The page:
1996: Damon Hill won the Australian GP for Williams to kickstart his title challenge, but only after new team-mate Jacques Villeneuve was denied a debut win thanks to having to slow for an oil leak. Villeneuve, who’d joined Williams as IndyCar Champion, took a stunning pole on his first visit to Melbourne’s Albert Park and led Hill until five laps from home.
2003: Motorcycling fans across the world mourned the death, aged just 52, of Barry Sheene from cancer. The two-time 500cc World Champion and 1970s pin-up won 19 top-level GPs – 18 for Suzuki and one for Yamaha. After retiring from bikes, having survived several terrifying accidents, he dabbled in touring car racing and took up commentary and punditry in his adopted Australia. He became one of the stars of the Revival, winning the Lennox Cup bike race on five occasions on a Manx Norton, including 2002, just a few months before his death. The race was renamed the Barry Sheene Memorial Trophy in his honour in September 2003. The 40th anniversary of Sheene’s first title will be celebrated at the Festival of Speed in June.
1943: Italian F1 and sportscar veteran Arturo Merzario was born. ‘Little Art’ contested 57 GPs, between 1972 and ’79, for Ferrari, Iso Marlboro, Williams, March, Wolf-Williams, Shadow and Merzario, with a best result of fourth, on three occasions. He also won 11 rounds of the World Sportscar Championship for Ferrari and Alfa Romeo, including the Spa 1,000km, Targa Florio and Monza 1,000km. Still donning his trademark Stetson-style hat, he is a regular at the Festival of Speed and Revival meetings.
1958: Four-time 500cc World Champion Eddie Lawson was born. The Californian won the title for Yamaha in 1984, ’86 and ’88 and took a fourth crown for Honda in 1989. After retiring from two-wheeled action at the end of 1992, a season in which he took his 31st win, for Cagiva, he moved to single-seaters in America. He won an Indy Lights race at Cleveland in 1994 to finish fourth in the points. A single season in IndyCar in 1996, in which he took two sixth-place finishes, marked the end of his career.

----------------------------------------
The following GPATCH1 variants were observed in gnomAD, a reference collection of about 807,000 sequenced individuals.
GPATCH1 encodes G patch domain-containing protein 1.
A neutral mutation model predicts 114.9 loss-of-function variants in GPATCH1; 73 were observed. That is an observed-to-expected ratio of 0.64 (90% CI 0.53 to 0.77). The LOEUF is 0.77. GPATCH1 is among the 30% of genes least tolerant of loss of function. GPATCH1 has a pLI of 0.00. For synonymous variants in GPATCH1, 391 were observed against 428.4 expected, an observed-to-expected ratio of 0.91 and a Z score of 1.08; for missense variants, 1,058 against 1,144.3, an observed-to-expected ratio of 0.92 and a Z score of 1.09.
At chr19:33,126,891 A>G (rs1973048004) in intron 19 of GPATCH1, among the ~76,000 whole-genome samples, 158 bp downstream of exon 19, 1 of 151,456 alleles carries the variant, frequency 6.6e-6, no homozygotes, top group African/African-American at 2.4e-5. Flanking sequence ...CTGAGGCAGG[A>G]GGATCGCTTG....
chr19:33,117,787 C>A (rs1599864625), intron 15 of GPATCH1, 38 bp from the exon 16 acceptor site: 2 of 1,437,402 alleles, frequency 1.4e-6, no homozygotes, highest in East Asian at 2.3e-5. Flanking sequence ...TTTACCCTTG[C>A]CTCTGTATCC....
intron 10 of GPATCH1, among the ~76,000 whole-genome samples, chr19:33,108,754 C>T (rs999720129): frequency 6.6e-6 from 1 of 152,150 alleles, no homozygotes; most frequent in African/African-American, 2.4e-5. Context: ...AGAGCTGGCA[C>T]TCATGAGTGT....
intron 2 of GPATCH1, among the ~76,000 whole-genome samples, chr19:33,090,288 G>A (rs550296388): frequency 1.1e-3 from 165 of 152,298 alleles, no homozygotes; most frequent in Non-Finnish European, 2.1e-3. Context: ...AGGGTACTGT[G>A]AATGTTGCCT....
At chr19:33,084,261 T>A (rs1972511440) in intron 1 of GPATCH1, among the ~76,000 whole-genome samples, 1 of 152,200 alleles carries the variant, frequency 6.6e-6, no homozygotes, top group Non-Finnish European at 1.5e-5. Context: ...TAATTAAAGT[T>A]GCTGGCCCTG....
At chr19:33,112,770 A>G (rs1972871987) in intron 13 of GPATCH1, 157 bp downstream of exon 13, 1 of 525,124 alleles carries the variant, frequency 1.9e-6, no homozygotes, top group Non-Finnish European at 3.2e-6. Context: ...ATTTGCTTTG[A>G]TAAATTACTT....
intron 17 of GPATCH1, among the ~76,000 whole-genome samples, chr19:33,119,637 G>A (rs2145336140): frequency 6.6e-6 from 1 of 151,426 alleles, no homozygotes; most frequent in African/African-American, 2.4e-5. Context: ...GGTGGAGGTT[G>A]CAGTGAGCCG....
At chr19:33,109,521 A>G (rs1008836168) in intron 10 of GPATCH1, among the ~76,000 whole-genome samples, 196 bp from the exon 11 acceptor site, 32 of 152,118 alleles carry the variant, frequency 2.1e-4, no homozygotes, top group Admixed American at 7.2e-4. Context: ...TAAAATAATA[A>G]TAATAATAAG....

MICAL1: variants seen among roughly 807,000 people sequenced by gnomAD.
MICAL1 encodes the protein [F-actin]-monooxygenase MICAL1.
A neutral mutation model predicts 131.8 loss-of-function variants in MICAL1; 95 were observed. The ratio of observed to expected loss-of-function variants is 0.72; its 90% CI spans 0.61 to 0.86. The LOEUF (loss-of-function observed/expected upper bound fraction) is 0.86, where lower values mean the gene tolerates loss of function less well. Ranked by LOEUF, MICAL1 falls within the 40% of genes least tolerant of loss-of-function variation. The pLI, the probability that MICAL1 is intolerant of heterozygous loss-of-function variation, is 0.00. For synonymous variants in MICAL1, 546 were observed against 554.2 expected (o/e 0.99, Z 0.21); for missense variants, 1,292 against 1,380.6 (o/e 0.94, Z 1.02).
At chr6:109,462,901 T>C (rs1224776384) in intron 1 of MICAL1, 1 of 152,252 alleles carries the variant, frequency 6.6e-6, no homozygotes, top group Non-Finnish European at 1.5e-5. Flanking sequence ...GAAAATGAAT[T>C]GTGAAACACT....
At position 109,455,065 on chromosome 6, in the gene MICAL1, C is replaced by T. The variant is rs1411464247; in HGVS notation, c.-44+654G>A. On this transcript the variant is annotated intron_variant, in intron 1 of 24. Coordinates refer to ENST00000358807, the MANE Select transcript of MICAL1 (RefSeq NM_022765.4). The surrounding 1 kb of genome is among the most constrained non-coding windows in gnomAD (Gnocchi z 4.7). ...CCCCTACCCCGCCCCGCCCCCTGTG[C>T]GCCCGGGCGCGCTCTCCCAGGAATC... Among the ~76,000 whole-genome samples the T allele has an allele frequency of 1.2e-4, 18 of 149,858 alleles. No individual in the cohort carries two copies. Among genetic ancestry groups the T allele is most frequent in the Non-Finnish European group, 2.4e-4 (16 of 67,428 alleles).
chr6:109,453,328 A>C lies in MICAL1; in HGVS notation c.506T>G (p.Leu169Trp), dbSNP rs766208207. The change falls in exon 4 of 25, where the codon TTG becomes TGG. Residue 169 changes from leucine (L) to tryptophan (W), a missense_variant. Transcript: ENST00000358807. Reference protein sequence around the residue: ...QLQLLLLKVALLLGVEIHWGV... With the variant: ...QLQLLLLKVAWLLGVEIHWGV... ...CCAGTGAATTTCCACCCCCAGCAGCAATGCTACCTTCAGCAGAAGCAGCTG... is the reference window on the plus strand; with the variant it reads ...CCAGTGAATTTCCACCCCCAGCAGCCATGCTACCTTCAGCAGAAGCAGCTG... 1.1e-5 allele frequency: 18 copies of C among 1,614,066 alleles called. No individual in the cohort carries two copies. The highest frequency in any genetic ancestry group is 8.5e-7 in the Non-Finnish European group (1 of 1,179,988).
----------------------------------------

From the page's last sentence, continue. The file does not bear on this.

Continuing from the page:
1938: Indianapolis 500 legend Johnny Rutherford was born. He won the great race three times, in 1974 and ’76 for McLaren and 1980 for Chaparral. He also took 27 USAC and CART IndyCar race wins between 1965 and ’86, marking him out as one of the true greats of American racing.
2000: Jenson Button made his Formula 1 debut, aged just 20, for Williams when he lined up 21st on the grid for the season-opening Australian GP in Melbourne. He retired on lap 46 of 58 after his BMW engine failed. Sixteen years later, the Somerset-born Brit has now racked up 284 starts (the third-highest in F1 history), led 42 races (winning 15 of them), and won the 2009 World Championship for Brawn.
1983: Nelson Piquet won the season-opening Brazilian Grand Prix in Rio de Janeiro, the home hero taking his Brabham BT52-BMW to a 20-second win over the Williams-Ford of World Champion Keke Rosberg. The Finn was later disqualified for a push-start in the pits, although third-place Niki Lauda (McLaren) was not moved up a place. The 1983 Brazilian GP was therefore a race in which no-one officially finished second. So if that ever comes up in a pub quiz, you’ll know the answer!